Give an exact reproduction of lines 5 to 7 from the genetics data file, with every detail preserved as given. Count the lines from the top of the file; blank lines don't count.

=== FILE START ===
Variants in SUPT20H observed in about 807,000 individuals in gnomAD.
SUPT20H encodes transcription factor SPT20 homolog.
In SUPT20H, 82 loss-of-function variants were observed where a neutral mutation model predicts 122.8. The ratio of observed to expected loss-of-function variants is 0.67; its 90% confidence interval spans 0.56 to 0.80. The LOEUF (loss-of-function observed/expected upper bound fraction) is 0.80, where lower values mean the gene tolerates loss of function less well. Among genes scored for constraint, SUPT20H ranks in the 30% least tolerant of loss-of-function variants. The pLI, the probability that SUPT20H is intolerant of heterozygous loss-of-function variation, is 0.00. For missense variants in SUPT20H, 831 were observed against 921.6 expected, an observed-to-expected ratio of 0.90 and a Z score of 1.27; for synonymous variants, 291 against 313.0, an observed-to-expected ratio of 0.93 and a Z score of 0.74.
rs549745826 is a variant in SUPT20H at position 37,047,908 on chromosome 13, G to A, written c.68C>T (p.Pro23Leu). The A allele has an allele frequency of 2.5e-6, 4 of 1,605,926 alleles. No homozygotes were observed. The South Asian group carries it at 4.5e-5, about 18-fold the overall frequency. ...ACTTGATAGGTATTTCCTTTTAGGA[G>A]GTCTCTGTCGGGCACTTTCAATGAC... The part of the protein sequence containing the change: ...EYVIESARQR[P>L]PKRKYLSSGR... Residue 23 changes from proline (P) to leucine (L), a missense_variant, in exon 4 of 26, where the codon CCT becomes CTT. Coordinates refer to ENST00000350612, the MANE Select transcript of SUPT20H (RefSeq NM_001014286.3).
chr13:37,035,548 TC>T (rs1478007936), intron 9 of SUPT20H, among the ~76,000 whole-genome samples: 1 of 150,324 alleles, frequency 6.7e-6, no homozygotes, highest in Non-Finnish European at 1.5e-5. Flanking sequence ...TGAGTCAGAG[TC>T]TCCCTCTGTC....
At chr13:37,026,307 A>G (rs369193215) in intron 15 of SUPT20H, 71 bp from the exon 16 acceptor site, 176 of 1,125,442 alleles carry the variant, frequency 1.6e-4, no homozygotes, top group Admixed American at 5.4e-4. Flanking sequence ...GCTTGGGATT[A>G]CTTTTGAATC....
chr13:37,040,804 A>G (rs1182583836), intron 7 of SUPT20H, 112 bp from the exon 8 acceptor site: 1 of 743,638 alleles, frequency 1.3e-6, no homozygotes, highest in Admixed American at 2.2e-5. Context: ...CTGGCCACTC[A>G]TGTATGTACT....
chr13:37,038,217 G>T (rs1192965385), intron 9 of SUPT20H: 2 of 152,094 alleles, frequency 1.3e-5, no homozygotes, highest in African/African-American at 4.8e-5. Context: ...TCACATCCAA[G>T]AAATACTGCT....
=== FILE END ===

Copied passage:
chr13:37,035,548 TC>T (rs1478007936), intron 9 of SUPT20H, among the ~76,000 whole-genome samples: 1 of 150,324 alleles, frequency 6.7e-6, no homozygotes, highest in Non-Finnish European at 1.5e-5. Flanking sequence ...TGAGTCAGAG[TC>T]TCCCTCTGTC....
At chr13:37,026,307 A>G (rs369193215) in intron 15 of SUPT20H, 71 bp from the exon 16 acceptor site, 176 of 1,125,442 alleles carry the variant, frequency 1.6e-4, no homozygotes, top group Admixed American at 5.4e-4. Flanking sequence ...GCTTGGGATT[A>G]CTTTTGAATC....
chr13:37,040,804 A>G (rs1182583836), intron 7 of SUPT20H, 112 bp from the exon 8 acceptor site: 1 of 743,638 alleles, frequency 1.3e-6, no homozygotes, highest in Admixed American at 2.2e-5. Context: ...CTGGCCACTC[A>G]TGTATGTACT....